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Historically, interagency emergency management has been a reactive science shaped by results of
catastrophes, calamities, heightened risks, and newly identified threats that affect the population, economic
stability, infrastructure, and national resilience. Since the 1700s with the Union Fire company to the present,
Interagency Emergency Management has had several defining moment or events. Analyze and apply the
readings and conduct additional research to complete this Discussion.
Discuss the following: (1) List and discuss at least 5 events you feel impacted and defined interagency
emergency management during its history and evolution. (2) Then, select two of the events you feel
were the most impactful to interagency emergency management, and explain why you feel they were
most impactful. Post this by the end of Week 1. Remember if you use sources, you must cite them in
Readings to Assist in Discussion:
Haddow, G.D., Bullock, J.A., & Coppola, D.P. (2007). Introduction to emergency management
(3rd ed.). Boston: Butterworth-Heinemann. Chapter 1
FEMA. (n.d.). The historical context of emergency management. Retrieved from,%20disaster%20and%20risk%20mgmt%20concepts.doc
Lindsay, B.R. (2012, Nov 30). Federal emergency management: A brief
introduction. Congressional Research Service 7-5700. Retrieved from
Mener, A. S. (2007, May 10). Disaster response in the United States of America: An analysis of
the bureaucratic and political history of a failing system. CUREJ: College
Undergraduate Research Electronic Journal, University of Pennsylvania. Retrieved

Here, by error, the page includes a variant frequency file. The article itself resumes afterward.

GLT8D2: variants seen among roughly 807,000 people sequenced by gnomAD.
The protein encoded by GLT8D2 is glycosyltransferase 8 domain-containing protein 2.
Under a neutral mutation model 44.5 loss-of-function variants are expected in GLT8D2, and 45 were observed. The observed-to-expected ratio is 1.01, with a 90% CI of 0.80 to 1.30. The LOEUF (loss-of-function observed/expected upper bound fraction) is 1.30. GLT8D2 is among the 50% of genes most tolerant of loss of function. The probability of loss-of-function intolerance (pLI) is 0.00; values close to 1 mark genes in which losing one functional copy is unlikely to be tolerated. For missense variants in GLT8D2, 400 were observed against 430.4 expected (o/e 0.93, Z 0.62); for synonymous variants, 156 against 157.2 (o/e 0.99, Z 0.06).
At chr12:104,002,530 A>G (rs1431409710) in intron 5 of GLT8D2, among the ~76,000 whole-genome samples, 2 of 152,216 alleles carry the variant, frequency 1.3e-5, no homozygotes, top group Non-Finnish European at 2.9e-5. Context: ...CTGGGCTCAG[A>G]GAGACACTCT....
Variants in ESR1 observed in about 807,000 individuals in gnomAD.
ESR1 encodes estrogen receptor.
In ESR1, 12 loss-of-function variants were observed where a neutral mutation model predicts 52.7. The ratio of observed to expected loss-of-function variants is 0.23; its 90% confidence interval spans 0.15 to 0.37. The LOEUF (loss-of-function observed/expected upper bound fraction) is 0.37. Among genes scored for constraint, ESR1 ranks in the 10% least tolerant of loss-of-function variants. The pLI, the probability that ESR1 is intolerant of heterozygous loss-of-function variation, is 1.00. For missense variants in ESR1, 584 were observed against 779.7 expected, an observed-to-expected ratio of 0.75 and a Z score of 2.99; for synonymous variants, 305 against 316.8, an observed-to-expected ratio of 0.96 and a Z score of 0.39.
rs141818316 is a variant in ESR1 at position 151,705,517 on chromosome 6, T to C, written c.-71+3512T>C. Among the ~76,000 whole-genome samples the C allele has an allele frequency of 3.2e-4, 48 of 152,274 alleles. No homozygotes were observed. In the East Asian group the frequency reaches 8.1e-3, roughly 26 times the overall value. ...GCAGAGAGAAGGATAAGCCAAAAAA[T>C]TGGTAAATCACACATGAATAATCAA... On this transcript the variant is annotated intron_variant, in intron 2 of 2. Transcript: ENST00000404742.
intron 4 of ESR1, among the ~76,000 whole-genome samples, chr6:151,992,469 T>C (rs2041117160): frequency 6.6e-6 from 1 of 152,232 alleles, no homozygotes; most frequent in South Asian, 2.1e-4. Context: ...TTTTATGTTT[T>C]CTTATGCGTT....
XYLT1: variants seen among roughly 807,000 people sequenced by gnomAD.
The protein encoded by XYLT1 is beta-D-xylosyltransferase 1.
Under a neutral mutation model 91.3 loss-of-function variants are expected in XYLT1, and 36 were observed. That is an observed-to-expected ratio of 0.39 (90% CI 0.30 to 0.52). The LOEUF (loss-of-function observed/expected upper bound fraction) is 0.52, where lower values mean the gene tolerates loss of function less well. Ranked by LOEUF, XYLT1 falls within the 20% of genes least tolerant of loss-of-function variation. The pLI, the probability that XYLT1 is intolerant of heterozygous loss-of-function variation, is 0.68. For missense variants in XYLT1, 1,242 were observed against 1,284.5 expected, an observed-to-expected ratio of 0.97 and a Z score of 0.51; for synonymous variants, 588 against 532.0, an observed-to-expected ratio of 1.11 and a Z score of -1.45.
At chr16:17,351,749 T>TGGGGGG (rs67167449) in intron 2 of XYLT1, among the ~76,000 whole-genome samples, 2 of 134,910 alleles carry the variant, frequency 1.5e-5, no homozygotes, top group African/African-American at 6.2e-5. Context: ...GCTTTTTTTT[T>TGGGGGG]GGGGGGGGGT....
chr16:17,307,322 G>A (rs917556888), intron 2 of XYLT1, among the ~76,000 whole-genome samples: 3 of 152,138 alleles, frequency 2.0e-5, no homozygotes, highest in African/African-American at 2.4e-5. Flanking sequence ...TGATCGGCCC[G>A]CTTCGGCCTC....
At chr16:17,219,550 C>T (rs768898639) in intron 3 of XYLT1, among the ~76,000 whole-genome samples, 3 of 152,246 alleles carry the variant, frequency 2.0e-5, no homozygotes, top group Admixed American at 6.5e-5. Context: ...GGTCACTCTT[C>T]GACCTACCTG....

Vann, B.A. (2012, March). The Galveston Hurricane of 1900. University of the Cumberlands,
3(1), 1-5. Retrieved from
Cline, I.M. (2004, February 4). Special report on the Galveston Hurricane of September 8,
1900. NOAA. Retrieved from
Scawthorn, C., O’Rourke, T.D., & Blackburn, F.T. (2006, April). The 1906 San Francisco
Earthquake and Fire—Enduring Lessons for Fire Protection and Water Supply. Earthquake Spectra,
22(S2), 135-158. Retrieved from
Siemens, R. & Gillon, P. (2010, December). Lessons from the Great Fire of 1906. Risk
Management 57(10), 10-11. Retrieved from
Jivraj, N. & Butler, A. (2013). The 1918–19 influenza pandemic revisited. J R Coll Physicians
Edinb, 43, 347–352. Retrieved from
Glickman, M., Chowell, G., Hengartner, N.W., Ammon, C. , & Hyman, M. (2008,
June). Learning from the past to prepare for the future: Modeling the impact of
hypothetical interventions during the great influenza pandemic of 1918. Abington, 21(2),
55-60. DOI:10.1007/s00144-008-0044-0. Retrieved from

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